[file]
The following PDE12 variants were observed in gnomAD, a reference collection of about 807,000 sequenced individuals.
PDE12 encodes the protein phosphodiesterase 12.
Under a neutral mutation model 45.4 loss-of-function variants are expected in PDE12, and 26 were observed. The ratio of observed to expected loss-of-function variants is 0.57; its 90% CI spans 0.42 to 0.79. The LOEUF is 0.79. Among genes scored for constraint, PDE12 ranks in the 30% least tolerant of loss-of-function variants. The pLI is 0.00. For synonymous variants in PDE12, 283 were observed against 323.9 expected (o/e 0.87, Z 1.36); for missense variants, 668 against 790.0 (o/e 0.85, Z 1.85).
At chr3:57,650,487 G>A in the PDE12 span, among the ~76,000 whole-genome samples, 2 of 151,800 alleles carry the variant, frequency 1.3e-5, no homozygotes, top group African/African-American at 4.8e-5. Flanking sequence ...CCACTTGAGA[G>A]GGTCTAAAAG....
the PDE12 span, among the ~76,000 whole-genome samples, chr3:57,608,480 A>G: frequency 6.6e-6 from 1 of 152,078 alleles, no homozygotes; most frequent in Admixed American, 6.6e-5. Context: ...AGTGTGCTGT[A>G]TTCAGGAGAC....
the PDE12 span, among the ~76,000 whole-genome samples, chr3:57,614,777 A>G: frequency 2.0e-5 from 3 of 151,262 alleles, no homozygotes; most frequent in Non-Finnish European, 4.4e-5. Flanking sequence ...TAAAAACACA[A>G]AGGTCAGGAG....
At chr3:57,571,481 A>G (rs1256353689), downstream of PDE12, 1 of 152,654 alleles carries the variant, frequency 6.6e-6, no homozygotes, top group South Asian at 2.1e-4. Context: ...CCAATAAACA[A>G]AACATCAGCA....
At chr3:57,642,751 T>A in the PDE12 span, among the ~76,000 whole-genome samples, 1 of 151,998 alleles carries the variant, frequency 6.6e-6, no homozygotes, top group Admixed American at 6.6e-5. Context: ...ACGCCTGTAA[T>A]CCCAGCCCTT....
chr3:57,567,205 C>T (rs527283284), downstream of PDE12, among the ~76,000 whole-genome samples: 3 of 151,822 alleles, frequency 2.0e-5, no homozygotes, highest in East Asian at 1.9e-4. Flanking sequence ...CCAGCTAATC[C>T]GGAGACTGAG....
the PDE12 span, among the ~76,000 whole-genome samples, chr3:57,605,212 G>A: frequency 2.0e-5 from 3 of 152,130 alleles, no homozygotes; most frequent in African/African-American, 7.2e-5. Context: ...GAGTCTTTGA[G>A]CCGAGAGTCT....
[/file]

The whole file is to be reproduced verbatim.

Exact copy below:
The following PDE12 variants were observed in gnomAD, a reference collection of about 807,000 sequenced individuals.
PDE12 encodes the protein phosphodiesterase 12.
Under a neutral mutation model 45.4 loss-of-function variants are expected in PDE12, and 26 were observed. The ratio of observed to expected loss-of-function variants is 0.57; its 90% CI spans 0.42 to 0.79. The LOEUF is 0.79. Among genes scored for constraint, PDE12 ranks in the 30% least tolerant of loss-of-function variants. The pLI is 0.00. For synonymous variants in PDE12, 283 were observed against 323.9 expected (o/e 0.87, Z 1.36); for missense variants, 668 against 790.0 (o/e 0.85, Z 1.85).
At chr3:57,650,487 G>A in the PDE12 span, among the ~76,000 whole-genome samples, 2 of 151,800 alleles carry the variant, frequency 1.3e-5, no homozygotes, top group African/African-American at 4.8e-5. Flanking sequence ...CCACTTGAGA[G>A]GGTCTAAAAG....
the PDE12 span, among the ~76,000 whole-genome samples, chr3:57,608,480 A>G: frequency 6.6e-6 from 1 of 152,078 alleles, no homozygotes; most frequent in Admixed American, 6.6e-5. Context: ...AGTGTGCTGT[A>G]TTCAGGAGAC....
the PDE12 span, among the ~76,000 whole-genome samples, chr3:57,614,777 A>G: frequency 2.0e-5 from 3 of 151,262 alleles, no homozygotes; most frequent in Non-Finnish European, 4.4e-5. Flanking sequence ...TAAAAACACA[A>G]AGGTCAGGAG....
At chr3:57,571,481 A>G (rs1256353689), downstream of PDE12, 1 of 152,654 alleles carries the variant, frequency 6.6e-6, no homozygotes, top group South Asian at 2.1e-4. Context: ...CCAATAAACA[A>G]AACATCAGCA....
At chr3:57,642,751 T>A in the PDE12 span, among the ~76,000 whole-genome samples, 1 of 151,998 alleles carries the variant, frequency 6.6e-6, no homozygotes, top group Admixed American at 6.6e-5. Context: ...ACGCCTGTAA[T>A]CCCAGCCCTT....
chr3:57,567,205 C>T (rs527283284), downstream of PDE12, among the ~76,000 whole-genome samples: 3 of 151,822 alleles, frequency 2.0e-5, no homozygotes, highest in East Asian at 1.9e-4. Flanking sequence ...CCAGCTAATC[C>T]GGAGACTGAG....
the PDE12 span, among the ~76,000 whole-genome samples, chr3:57,605,212 G>A: frequency 2.0e-5 from 3 of 152,130 alleles, no homozygotes; most frequent in African/African-American, 7.2e-5. Context: ...GAGTCTTTGA[G>A]CCGAGAGTCT....